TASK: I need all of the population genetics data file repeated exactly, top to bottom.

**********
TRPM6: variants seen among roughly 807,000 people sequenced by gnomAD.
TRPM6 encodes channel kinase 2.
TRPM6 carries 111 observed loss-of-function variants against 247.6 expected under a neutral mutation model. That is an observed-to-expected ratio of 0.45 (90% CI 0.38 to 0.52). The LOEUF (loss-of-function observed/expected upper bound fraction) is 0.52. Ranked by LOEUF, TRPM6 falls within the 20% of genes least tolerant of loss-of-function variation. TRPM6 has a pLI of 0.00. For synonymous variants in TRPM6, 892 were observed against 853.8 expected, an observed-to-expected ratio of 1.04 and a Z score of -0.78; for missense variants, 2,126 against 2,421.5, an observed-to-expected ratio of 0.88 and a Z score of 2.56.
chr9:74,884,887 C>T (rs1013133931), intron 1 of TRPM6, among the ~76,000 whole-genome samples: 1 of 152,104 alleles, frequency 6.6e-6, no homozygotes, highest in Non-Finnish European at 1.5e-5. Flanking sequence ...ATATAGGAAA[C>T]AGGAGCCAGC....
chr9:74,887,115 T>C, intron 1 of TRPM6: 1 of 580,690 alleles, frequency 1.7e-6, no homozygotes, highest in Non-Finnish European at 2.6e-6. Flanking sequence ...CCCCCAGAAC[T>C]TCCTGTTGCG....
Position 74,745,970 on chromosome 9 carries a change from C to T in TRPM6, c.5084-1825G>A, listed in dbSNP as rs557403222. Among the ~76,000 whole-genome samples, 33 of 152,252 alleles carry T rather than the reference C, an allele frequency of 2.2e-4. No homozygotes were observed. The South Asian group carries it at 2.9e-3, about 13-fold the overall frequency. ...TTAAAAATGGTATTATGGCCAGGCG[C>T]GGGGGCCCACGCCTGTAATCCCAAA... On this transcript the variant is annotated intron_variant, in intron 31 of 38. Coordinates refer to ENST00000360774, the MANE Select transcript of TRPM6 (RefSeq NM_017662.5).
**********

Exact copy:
TRPM6: variants seen among roughly 807,000 people sequenced by gnomAD.
TRPM6 encodes channel kinase 2.
TRPM6 carries 111 observed loss-of-function variants against 247.6 expected under a neutral mutation model. That is an observed-to-expected ratio of 0.45 (90% CI 0.38 to 0.52). The LOEUF (loss-of-function observed/expected upper bound fraction) is 0.52. Ranked by LOEUF, TRPM6 falls within the 20% of genes least tolerant of loss-of-function variation. TRPM6 has a pLI of 0.00. For synonymous variants in TRPM6, 892 were observed against 853.8 expected, an observed-to-expected ratio of 1.04 and a Z score of -0.78; for missense variants, 2,126 against 2,421.5, an observed-to-expected ratio of 0.88 and a Z score of 2.56.
chr9:74,884,887 C>T (rs1013133931), intron 1 of TRPM6, among the ~76,000 whole-genome samples: 1 of 152,104 alleles, frequency 6.6e-6, no homozygotes, highest in Non-Finnish European at 1.5e-5. Flanking sequence ...ATATAGGAAA[C>T]AGGAGCCAGC....
chr9:74,887,115 T>C, intron 1 of TRPM6: 1 of 580,690 alleles, frequency 1.7e-6, no homozygotes, highest in Non-Finnish European at 2.6e-6. Flanking sequence ...CCCCCAGAAC[T>C]TCCTGTTGCG....
Position 74,745,970 on chromosome 9 carries a change from C to T in TRPM6, c.5084-1825G>A, listed in dbSNP as rs557403222. Among the ~76,000 whole-genome samples, 33 of 152,252 alleles carry T rather than the reference C, an allele frequency of 2.2e-4. No homozygotes were observed. The South Asian group carries it at 2.9e-3, about 13-fold the overall frequency. ...TTAAAAATGGTATTATGGCCAGGCG[C>T]GGGGGCCCACGCCTGTAATCCCAAA... On this transcript the variant is annotated intron_variant, in intron 31 of 38. Coordinates refer to ENST00000360774, the MANE Select transcript of TRPM6 (RefSeq NM_017662.5).